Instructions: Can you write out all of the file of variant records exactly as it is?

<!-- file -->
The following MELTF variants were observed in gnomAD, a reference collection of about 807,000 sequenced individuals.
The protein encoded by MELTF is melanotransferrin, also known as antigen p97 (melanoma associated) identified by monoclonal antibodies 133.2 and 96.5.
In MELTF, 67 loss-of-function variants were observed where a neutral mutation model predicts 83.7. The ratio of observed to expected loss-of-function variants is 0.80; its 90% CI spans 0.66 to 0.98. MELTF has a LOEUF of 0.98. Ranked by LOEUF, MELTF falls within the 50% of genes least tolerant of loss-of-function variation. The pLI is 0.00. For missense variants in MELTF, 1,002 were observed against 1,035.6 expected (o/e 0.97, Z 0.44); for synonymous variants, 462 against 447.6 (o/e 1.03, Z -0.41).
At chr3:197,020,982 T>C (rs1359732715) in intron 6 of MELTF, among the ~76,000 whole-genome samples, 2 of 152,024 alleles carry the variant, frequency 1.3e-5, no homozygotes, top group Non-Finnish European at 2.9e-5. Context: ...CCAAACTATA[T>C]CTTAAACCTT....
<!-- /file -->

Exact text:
The following MELTF variants were observed in gnomAD, a reference collection of about 807,000 sequenced individuals.
The protein encoded by MELTF is melanotransferrin, also known as antigen p97 (melanoma associated) identified by monoclonal antibodies 133.2 and 96.5.
In MELTF, 67 loss-of-function variants were observed where a neutral mutation model predicts 83.7. The ratio of observed to expected loss-of-function variants is 0.80; its 90% CI spans 0.66 to 0.98. MELTF has a LOEUF of 0.98. Ranked by LOEUF, MELTF falls within the 50% of genes least tolerant of loss-of-function variation. The pLI is 0.00. For missense variants in MELTF, 1,002 were observed against 1,035.6 expected (o/e 0.97, Z 0.44); for synonymous variants, 462 against 447.6 (o/e 1.03, Z -0.41).
At chr3:197,020,982 T>C (rs1359732715) in intron 6 of MELTF, among the ~76,000 whole-genome samples, 2 of 152,024 alleles carry the variant, frequency 1.3e-5, no homozygotes, top group Non-Finnish European at 2.9e-5. Context: ...CCAAACTATA[T>C]CTTAAACCTT....